From September 4, 2020, a forum on “restructuring the supply chain” was held in Taipei to June 22, this year, another forum on “global supply chain cooperation in the technology industry” was held in Taipei, in which the U.S., Japan and Europe all participated. This means that the “de-communization” focusing on the chip industry is advancing in an orderly manner.

The chip industry is the soft underbelly of the Chinese Communist Party

From 2004 to 2019, China’s chip industry has grown at a high rate, with output value increasing nearly 14 times and an average annual compound growth rate of 19.2%, much higher than the global average annual compound growth rate of 4.5%. Despite 15 years of rapid growth, however, for various reasons, China’s chip industry is only “fat” (see the author’s “Why is the mainland chip industry lagging behind?” ), and has not established core technological capabilities and manufacturing systems.

China’s semiconductor industry has two outstanding features. First, the dependence on imported chips. In 2018, China imported more than $300 billion of chips for the first time, while the mainland only produces about $37 billion of chips. What is the concept of importing more than 300 billion U.S. dollars? First, it exceeds the oil imports of about 600 billion RMB that year, and China’s foreign dependence on oil has reached 70%; second, it far exceeds the military spending of the Communist Party of China that year (official budget of 110.6951 billion RMB); third, the global chip market size that year was about 469 billion USD, which means that about 67% of the world’s chips were bought by the Chinese. This is still the figure for 2018, and by 2020, chip imports climb even higher to nearly $380 billion.

What is more interesting is that in 2018, for example, although China imported $312 billion of chips, but $170 billion of them were exported overseas after being made into complete machines, and only about $150 billion of chips really stayed in China itself. This shows that the import of chips has become a strategic factor affecting China’s exports.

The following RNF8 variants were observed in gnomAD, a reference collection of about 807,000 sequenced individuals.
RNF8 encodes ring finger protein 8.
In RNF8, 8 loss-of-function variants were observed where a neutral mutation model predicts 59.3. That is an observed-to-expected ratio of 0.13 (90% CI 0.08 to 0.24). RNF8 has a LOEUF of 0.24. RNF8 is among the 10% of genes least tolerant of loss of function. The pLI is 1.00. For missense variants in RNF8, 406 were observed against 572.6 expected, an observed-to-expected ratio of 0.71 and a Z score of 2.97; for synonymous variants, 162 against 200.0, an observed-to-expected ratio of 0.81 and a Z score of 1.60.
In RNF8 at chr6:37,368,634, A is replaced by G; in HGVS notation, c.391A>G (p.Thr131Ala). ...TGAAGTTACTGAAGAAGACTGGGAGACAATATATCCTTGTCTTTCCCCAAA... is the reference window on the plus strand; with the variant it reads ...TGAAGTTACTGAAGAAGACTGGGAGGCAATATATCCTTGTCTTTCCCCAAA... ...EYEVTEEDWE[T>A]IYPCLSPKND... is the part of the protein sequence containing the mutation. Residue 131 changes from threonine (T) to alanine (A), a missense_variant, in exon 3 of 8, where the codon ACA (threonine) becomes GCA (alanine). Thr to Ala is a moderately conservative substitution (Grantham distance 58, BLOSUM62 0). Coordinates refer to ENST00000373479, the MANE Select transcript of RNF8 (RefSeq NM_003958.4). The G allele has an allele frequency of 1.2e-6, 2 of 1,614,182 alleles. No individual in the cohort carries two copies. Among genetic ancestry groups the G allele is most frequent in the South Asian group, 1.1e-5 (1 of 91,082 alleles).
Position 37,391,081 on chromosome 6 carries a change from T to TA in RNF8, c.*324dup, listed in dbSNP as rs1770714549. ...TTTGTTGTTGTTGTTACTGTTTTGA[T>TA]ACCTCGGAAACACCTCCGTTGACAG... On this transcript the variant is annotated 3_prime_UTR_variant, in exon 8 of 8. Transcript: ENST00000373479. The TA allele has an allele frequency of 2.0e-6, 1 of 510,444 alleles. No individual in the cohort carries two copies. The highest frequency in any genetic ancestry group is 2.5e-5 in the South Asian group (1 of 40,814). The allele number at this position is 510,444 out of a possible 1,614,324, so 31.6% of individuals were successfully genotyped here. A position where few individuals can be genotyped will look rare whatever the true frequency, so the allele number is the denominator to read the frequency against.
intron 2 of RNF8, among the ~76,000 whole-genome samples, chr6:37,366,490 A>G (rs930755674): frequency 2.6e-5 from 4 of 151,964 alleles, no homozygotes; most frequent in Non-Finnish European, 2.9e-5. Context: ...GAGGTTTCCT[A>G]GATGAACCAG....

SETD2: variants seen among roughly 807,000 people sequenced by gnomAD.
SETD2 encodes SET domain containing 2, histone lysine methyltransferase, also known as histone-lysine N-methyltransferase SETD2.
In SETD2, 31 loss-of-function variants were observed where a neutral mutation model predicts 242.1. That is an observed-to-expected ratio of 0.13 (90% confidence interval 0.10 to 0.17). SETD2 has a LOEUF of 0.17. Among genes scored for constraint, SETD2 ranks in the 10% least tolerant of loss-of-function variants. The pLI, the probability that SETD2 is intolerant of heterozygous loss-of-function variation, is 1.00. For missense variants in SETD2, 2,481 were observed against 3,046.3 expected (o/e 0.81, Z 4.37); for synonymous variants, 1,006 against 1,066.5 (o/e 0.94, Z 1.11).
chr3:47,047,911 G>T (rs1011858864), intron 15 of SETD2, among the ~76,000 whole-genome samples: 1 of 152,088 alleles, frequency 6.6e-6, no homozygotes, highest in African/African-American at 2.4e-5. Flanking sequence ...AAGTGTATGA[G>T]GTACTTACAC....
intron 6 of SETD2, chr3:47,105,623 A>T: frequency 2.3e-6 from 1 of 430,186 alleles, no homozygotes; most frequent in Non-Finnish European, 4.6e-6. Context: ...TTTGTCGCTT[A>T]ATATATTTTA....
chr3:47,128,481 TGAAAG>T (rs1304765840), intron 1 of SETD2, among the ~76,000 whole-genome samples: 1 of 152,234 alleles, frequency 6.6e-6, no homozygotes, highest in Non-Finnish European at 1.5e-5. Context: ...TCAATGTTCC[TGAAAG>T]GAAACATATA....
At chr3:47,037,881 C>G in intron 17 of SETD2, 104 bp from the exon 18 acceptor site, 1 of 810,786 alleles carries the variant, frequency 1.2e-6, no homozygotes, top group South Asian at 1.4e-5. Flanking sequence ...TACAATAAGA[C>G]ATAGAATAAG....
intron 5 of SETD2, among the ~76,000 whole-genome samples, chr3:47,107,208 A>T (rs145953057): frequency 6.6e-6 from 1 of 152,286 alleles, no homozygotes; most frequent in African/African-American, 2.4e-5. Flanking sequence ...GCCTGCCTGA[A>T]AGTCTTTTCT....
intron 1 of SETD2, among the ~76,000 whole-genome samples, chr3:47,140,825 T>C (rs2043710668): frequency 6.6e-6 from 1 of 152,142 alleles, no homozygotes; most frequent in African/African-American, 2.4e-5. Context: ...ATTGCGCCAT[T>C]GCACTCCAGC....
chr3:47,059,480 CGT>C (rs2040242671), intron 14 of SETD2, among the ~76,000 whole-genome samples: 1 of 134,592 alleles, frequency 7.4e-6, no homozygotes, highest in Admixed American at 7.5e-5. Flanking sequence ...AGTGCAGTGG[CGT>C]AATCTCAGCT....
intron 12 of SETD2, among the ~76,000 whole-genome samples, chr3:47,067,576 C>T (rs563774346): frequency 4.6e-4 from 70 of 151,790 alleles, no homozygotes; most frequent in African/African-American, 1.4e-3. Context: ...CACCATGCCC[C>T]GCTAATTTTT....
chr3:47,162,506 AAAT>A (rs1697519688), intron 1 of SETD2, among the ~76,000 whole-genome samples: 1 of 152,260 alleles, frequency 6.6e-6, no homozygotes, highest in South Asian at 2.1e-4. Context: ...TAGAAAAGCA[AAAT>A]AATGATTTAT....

Second, there are fatal shortcomings in local production. Although, according to the National Bureau of Statistics data, January-May this year, the mainland’s production of semiconductor chips up to 139.9 billion, a year-on-year increase of 48.3%, especially in May, a record output. However, for one, the above production China, a large part from Intel, Samsung and other foreign companies in China’s manufacturing manufacturers, China’s local Semiconductor Manufacturing International, Huahong Semiconductor, etc. accounted for a limited proportion of domestic chip foundry is still dependent on foreign companies; second, China’s advanced process capacity vacancies, only in the mature process chips with independent production capacity, SMIC but to achieve the mass production of 14nm chips, in more The breakthrough in more advanced processes is still not achieved.

CCP’s strategy of semiconductor reversal is inevitably a failure

The Chinese Communist Party is also anxious about the international competitive situation of the chip industry and the current state of the industry in China, and has been introducing supportive policies and smashing money for years, but overall it all comes down to failure.